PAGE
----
Why is this seeming double-talk significant? Many, probably most, philosophers would never be willing to leave things as I stated them above. The seventeenth-century philosopher René Descartes, refreshing an argument first brought up by St. Augustine, argued from the fact that he was thinking to the conclusion that, he must therefore exist. There could only be thought, he said, if there were some kind of substance that was doing the thinking. The idea of thinking (or, for that matter, any kind of consciousness) without there being a subject who was thinking was not possible for him. Similarly, George Berkeley believed that to be is to be perceived; viz. that if anything exists, it exists as an object of consciousness. But again, he did not think that consciousness alone could exist; thus, there must also be a perceiver. So, two kinds of things existed according to Berkeley: first, the things that were perceived, and, second, the persons (including God, humans, and angels) who were perceiving those things. Now, this is where Yogacara does not follow the beaten path. It simply closes the door on taking that step from consciousness to there having to be someone experiencing the consciousness.
Therefore, there is consciousness, and there is Sunyata. The world of experience is nothing but a projection of consciousness. The illusion of there being a self is a part of that projection.
Furthermore, to attain enlightenment one must recognize that the experienced world, including our selves, is nothing but a projection of consciousness. The process of coming to this recognition involves eliminating all of the clutter that inhabits and defiles consciousness. When this is done, what is left is Sunyata, Emptiness.
However, one wonders how pure consciousness, apart from a conscious subject, can have such an active imagination. Why does it lead us to believe that we as individuals are having experiences, and how does it provide such a variety of experiences? Why, for that matter, would this big cloud of pure consciousness bring about each person's unique experiences? It's all due to the force of a grand illusion, called maya. Picture this mass of consciousness as a huge container, the grand receptacle of knowledge, or Alaya Vijnana. Within this container are the "latent remnants" of previous experiences. I'm thinking of them along the line of the dark after-images that seem to sit in your eyes for a few minutes after you've looked at something startlingly bright. They're not the actual experiences, just their remainders. The actual word that had been used for these remnants even before Yogacara became a genuine school of philosophy was vasanas, which means "perfumings." So, these remnants of experience are suffused throughout Alaya Vijnana as though a child had gotten hold of a perfume sprayer and was pumping its content randomly, but vigorously, throughout a room. They may be there in passive storage for a long, long time.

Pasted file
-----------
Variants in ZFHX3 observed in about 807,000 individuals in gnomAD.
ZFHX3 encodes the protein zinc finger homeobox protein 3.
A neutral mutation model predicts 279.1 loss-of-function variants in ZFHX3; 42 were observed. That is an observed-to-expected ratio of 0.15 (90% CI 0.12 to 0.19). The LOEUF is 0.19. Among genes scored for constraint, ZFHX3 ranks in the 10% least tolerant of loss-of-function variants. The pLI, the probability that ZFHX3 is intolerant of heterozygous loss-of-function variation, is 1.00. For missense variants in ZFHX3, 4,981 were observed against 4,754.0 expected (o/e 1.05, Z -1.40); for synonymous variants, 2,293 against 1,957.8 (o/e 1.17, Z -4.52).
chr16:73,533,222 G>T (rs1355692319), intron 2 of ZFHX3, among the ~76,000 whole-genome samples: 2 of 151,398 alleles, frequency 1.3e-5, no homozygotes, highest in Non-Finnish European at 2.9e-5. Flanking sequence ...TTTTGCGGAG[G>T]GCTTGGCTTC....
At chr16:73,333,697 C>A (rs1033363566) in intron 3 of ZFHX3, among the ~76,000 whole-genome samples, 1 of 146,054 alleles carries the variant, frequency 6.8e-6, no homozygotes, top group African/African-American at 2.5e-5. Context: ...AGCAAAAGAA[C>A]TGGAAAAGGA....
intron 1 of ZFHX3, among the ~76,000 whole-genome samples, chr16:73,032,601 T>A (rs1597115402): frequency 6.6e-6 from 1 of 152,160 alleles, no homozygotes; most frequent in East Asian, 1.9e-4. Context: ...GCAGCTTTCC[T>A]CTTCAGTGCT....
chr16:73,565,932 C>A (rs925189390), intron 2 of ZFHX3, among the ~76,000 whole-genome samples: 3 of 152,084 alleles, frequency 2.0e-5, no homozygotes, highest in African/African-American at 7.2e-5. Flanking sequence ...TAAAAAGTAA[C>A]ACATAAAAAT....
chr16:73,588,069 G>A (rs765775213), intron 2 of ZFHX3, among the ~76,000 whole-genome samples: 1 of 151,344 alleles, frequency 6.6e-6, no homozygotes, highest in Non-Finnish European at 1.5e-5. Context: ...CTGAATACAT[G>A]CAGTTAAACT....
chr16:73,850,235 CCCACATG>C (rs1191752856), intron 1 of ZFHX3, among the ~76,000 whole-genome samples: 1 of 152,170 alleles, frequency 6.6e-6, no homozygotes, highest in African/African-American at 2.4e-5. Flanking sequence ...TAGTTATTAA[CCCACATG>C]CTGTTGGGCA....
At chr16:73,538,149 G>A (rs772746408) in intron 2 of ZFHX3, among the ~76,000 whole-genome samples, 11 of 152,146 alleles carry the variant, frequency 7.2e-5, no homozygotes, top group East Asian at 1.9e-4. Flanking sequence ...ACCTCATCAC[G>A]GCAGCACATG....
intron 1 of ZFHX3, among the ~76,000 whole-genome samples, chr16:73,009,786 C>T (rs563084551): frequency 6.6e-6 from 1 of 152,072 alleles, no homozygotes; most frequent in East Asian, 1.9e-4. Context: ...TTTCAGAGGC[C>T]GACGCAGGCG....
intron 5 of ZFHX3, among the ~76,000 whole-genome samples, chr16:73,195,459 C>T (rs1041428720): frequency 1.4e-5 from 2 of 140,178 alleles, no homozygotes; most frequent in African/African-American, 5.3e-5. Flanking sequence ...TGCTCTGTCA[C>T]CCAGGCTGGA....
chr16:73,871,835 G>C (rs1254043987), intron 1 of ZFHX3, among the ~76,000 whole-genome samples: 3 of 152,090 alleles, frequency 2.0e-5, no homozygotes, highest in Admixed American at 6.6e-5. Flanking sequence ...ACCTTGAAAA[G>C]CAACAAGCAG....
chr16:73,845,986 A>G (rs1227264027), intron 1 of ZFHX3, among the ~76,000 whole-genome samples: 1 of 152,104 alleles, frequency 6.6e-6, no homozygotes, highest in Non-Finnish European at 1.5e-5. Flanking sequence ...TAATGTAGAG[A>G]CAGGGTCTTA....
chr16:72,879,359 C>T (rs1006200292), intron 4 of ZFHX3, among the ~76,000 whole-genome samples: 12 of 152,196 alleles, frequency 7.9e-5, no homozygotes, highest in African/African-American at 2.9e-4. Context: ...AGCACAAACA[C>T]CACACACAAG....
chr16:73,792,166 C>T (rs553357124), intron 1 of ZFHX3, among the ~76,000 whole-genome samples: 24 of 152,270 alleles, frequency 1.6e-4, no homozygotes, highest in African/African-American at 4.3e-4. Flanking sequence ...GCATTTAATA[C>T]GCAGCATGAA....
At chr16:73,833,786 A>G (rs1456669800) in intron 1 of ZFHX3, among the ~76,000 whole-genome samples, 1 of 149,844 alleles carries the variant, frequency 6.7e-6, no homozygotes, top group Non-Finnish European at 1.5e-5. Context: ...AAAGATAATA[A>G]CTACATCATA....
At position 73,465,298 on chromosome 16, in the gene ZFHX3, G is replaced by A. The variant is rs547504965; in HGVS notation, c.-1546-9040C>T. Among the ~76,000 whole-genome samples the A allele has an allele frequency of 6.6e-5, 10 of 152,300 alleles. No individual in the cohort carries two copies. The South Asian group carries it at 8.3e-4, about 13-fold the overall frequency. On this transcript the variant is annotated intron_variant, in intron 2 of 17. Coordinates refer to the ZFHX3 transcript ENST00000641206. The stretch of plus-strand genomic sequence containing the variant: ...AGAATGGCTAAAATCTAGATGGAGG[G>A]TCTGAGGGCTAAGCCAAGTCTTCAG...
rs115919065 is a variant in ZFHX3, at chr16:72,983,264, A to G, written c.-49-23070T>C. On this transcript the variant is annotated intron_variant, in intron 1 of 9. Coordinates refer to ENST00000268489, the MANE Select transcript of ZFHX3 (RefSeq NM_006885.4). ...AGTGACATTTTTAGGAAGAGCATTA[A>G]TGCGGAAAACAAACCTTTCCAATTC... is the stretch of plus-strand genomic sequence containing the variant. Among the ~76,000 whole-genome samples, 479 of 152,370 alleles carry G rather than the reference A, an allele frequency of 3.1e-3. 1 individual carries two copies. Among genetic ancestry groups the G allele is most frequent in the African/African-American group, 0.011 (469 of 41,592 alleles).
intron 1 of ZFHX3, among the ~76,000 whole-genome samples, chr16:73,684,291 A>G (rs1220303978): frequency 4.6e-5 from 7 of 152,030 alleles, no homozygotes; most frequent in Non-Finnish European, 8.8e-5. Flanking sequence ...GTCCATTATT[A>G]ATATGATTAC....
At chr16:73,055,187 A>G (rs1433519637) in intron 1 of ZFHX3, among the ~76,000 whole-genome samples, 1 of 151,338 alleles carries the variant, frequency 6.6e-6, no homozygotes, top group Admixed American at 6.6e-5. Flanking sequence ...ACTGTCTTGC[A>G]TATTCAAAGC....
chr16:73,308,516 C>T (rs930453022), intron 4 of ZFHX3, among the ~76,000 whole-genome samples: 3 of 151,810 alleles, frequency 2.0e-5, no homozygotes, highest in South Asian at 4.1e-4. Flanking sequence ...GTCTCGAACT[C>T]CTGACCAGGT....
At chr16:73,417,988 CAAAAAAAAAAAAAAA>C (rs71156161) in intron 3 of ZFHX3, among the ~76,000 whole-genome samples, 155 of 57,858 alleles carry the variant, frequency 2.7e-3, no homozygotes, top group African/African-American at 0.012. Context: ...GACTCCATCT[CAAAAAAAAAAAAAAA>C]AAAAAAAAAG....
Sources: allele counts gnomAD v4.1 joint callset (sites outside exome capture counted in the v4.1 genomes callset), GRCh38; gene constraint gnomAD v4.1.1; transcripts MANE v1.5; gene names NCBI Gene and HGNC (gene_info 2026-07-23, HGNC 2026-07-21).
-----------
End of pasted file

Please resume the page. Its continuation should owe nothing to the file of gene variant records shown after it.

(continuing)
But I also said that these "remainders," the vasanas, were "latent," which doesn't make much sense by itself because if it's a remainder, it is spent, whereas if it is latent, its potential has not yet been actualized. It works this way: When maya, the force of illusion, comes around, it turns the vasana into a bija, a "seed," from which it will grow into another new experience, which will, in turn, leave its own vasana in the infinite collecting pot of Alaya Vijnana. This cycle continues endlessly, except for the individual who has attained Buddhahood and thereby has escaped from it, recognizing only Sunyata from that point on.
Let us set Madhyamaka and Yogacara side by side:
| In Madhyamaka, the content of our life-world is not real because it is only a part of the illusory spider web of dependent origination. We can consider it to be real as a "real illusion," but it is without essence and has no actual basis for being. At bottom of it all is Sunyata.
|| In Yogacara, the content of our life-world is not real because it is one of the many illusions contained in Alaya Vijnana, where it has matured from being an impotent perfuming into a seed and from there into an actual illusory experience, which is a little fragment of this infinitely large consciousness. But nobody is there to be conscious of it, and at bottom all is Sunyata.
Both sides of this table have been expanded and analyzed in many tomes, and for a summation as brief as this one one can only hope that the absence of greater depth has not undermined its accuracy altogether.
The reason why Madhyamikins would not accept the Yogacara conclusions may be fairly obvious: When you come right down to it, consciousness in the form of Alaya Vijnana, appears to constitute a second ultimate reality alongside Sunyata. It will always be there and never disappear, except for the person who achieves full enlightenment. So, in that sense, Yogacara seems to present a dualism in which both Sunyata and Alaya Vijnana are the two constituents. Whether that is true we may leave in the hands of their adherents to battle out. Historically, Madhyamaka gained the majority of schools who would adopt it as their philosophical basis.
For our last page on Mahayana, we shall look at some recent developments and maybe provide a quick comment from a Christian point of view.
1A quick point about language: The name of the school is Madhyamaka; as an adjective or as the name of an adherent it becomes Madhyamika, and--rightly or wrongly--that is the name that is more commonly used.